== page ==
You can use Speech Recognition Software with almost any application
If you have difficulty manipulating a mouse because of a physical disability, you might find browsing the Internet difficult. Dragon labels each of the hyperlinks with a number so all you have to do is call out the number and it clicks on the link for you.
Youtube is now trialling subtitles on certain videos which are generated by speech recognition. They are not totally accurate yet, but I'm sure they soon will be.
If you receive Speech Recognition Software as part of the Disabled Students Allowance, you can also ask to receive training in its use.
The accuracy of speech recognition improves if used properly.
It is possible to create specialist vocabularies to suit your particular work. Some manufacturers already have specialist dictionaries, such as medical and legal.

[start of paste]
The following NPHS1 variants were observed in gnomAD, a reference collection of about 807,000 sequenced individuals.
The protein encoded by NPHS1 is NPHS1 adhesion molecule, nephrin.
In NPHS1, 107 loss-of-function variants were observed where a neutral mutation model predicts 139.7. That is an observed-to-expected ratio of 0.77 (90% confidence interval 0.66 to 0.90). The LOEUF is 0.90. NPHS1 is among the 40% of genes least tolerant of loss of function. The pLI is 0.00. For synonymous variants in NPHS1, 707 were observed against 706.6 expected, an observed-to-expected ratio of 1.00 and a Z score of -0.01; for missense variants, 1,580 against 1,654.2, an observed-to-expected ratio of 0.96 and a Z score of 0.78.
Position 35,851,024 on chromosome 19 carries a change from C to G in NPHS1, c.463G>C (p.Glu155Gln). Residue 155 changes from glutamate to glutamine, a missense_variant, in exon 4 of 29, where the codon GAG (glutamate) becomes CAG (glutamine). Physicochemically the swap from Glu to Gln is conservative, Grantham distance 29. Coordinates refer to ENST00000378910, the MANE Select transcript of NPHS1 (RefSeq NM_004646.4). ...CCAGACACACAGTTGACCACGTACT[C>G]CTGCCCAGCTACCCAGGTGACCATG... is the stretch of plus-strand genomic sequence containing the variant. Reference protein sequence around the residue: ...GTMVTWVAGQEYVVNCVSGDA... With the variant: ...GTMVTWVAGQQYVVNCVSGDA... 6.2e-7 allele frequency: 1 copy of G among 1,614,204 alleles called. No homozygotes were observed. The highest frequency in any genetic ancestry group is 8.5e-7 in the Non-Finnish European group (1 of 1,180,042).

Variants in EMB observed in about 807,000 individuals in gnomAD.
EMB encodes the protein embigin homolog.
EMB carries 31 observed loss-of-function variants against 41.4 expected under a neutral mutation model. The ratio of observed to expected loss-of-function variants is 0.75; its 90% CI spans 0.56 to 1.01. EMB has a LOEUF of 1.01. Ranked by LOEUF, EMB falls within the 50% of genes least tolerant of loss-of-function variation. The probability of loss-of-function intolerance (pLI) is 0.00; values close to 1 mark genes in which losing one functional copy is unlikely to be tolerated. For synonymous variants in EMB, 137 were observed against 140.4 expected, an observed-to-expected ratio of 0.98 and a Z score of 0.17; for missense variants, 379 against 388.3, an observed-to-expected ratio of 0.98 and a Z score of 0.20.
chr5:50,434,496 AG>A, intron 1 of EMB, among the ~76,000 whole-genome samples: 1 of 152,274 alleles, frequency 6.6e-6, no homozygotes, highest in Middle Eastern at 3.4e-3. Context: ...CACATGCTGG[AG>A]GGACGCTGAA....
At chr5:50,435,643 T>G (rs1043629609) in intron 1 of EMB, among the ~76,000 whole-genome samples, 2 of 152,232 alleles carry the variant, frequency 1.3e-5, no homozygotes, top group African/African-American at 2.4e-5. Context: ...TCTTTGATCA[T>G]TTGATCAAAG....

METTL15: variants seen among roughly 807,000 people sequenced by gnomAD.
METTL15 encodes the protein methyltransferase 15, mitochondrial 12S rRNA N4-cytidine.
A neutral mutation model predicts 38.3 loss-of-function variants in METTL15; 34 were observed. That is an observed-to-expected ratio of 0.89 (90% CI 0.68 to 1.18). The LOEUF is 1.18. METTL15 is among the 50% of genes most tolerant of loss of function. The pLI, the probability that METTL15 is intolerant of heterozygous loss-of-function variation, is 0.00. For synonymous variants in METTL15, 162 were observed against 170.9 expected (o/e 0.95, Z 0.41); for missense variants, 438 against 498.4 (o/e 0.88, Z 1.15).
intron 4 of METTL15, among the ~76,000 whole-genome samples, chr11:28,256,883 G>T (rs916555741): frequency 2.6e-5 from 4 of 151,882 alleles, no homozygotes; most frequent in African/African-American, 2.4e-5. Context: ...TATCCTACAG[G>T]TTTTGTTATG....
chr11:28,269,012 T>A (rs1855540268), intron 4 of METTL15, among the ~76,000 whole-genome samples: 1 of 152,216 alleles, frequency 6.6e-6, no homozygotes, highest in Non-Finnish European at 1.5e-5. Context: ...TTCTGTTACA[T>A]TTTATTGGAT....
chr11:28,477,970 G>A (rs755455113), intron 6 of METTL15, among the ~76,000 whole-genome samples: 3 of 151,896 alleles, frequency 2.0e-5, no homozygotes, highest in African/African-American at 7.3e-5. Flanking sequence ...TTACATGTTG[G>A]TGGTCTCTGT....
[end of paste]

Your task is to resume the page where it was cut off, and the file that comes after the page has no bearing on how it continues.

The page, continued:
If there is a particular piece of text you find yourself having to write a lot, such as your address when you write a letter, dragging allows you to have a code word for it. For instance, there is the option to program it to type out your entire address everytime you say the phrase 'my address'.
Dragon can be used to help you browse the Internet. When using a regular browser such as Internet Explorer or Firefox, Dragon automatically labels the hyperlinks with numbers. To click on the hyperlinks, you simply call up the numbers. You can also speak the names of the hyperlinks to click on them. This is particularly useful for those with physical impairments which make using a mouse difficult.
It is a common belief that Speech Recognition does not work for regional accents. This is not true. What matters is pronouncing words consistently and not leaving out sounds.
It is also a myth that children can’t use Speech Recognition. I started using it when I was ten and I didn’t have to do much retraining when my voice broke!